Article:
Country Periodic form
Lithuania SAF-T (i.SAF)
Poland SAF-T (JPK) - mandatory real-time reporting planned 2023 to replace SAF-T
Portugal SAF-T (SAF-PT)
Romania SAF-T - Also introducing mandatory e-invoicing in the near future)
Bulgaria VAT listings
Croatia VAT listings
Czech Republic VAT listings
Estonia VAT listings
Latvia VAT listings - moving towards real-time reporting
Slovakia VAT listings - moving towards real-time reporting

Such obligations have done relatively well in terms of tackling VAT fraud. For example, Slovakia went from a VAT gap of 25% in 2015 to a VAT gap of 16% in 2019. Another success story is Portugal. Portugal was the first country in the EU to implement SAF-T in 2008 (at that moment upon request and not in a periodic manner). Subsequently Portugal implemented an obligation to send the so-called SAF-PT for invoicing on a periodic basis in 2014, while the full SAF-PT accounting files will be obligatory for periodic reporting from 2024.[3] The results of the SAF-PT for invoicing are positive, helping to reduce the VAT gap from 12.7% in 2015 to 7.9% in 2019.[4]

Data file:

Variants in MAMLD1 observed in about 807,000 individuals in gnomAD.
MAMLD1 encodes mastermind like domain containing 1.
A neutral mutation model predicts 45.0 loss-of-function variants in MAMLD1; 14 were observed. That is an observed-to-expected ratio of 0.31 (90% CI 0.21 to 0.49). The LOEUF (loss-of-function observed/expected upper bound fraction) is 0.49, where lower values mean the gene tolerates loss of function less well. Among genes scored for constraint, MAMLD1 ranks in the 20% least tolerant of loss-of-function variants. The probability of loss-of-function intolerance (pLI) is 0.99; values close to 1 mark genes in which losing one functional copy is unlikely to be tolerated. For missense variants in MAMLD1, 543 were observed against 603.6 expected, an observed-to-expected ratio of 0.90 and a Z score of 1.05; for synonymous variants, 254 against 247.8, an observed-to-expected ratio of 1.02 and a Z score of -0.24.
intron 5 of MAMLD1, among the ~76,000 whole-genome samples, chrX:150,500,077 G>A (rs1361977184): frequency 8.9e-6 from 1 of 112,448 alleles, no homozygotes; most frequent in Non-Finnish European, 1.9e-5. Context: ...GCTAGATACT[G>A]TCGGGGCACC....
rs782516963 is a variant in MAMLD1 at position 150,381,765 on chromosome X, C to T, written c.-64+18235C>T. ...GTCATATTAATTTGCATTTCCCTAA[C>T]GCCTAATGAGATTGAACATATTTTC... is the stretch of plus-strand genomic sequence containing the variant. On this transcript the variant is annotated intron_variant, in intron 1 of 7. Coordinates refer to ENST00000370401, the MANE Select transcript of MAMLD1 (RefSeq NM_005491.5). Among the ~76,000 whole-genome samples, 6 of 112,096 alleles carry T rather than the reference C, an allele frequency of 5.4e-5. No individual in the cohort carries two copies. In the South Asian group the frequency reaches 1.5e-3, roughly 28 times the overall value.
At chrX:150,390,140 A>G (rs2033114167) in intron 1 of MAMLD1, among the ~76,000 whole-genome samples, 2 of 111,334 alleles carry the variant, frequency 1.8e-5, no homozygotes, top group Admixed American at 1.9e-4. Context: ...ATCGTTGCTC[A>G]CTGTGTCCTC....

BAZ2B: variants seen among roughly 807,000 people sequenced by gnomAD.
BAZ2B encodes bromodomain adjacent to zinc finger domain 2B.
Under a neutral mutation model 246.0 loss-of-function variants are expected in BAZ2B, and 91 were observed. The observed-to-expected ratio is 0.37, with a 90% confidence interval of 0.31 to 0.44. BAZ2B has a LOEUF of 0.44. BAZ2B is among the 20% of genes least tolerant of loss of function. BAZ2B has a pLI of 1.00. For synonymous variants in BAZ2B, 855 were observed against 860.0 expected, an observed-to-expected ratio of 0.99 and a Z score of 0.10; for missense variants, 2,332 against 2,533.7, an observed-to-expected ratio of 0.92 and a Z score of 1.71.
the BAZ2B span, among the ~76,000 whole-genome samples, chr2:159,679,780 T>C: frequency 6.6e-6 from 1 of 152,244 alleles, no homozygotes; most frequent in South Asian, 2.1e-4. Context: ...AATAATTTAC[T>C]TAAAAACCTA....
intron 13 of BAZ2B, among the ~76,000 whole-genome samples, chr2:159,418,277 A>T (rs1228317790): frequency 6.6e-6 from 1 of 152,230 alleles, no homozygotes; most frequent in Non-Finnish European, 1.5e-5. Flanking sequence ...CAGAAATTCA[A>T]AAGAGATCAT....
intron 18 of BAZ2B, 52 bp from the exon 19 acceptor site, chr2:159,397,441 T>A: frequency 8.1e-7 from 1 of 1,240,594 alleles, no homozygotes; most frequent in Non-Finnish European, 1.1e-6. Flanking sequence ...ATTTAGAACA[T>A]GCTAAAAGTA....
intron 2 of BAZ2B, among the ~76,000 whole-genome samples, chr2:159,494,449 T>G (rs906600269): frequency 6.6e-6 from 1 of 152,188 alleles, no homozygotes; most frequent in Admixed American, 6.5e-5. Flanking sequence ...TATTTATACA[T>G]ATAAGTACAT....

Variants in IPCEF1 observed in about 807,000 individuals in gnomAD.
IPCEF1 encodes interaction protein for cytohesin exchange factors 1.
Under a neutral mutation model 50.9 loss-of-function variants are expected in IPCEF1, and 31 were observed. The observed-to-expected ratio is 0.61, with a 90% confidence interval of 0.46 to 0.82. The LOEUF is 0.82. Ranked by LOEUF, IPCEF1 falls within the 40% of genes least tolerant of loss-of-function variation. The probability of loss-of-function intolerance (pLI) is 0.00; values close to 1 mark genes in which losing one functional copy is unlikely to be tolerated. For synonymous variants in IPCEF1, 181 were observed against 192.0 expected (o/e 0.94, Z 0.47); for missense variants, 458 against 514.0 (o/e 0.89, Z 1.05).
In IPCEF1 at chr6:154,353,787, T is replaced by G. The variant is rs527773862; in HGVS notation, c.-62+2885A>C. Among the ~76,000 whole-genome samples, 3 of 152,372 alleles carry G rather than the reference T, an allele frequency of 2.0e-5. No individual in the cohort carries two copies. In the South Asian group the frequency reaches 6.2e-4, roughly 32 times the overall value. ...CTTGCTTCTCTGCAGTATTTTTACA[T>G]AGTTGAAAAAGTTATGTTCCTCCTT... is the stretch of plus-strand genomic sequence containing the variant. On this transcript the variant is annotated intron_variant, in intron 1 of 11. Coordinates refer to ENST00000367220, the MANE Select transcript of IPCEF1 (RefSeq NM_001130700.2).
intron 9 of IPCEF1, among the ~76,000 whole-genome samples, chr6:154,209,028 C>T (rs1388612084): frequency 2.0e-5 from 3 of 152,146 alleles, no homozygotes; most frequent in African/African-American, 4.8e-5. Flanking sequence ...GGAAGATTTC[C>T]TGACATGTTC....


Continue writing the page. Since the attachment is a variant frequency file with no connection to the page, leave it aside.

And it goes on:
Periodic reporting VS. real-time reporting

Even though these EU Member States have achieved successes with these periodic reporting obligations, an increasing number still wants to move towards real-time reporting as Table 1 shows. Besides, Member States without any periodic reporting obligations implemented are often directly looking to some form of real-time reporting (e.g. Belgium[5], Germany[6] and Ireland[7]).

A first reason for this might be the challenges several countries had/are having with the implementation of, especially, SAF-T. For example, countries such as Norway[8], Poland[9], Romania[10] postponed its implementation multiple times.

Secondly, real-time reporting can be more easily integrated with existing business processes than any form of periodic reporting. With real-time reporting, invoices need to be reported at the moment of issuance (or at least within a time frame of a couple of days) which is very close to the existing invoicing process. Furthermore, only transactional data (as opposed to SAF-T accounting data) needs to be sent. This is easier for companies as they often use different software tools for invoicing than for accounting.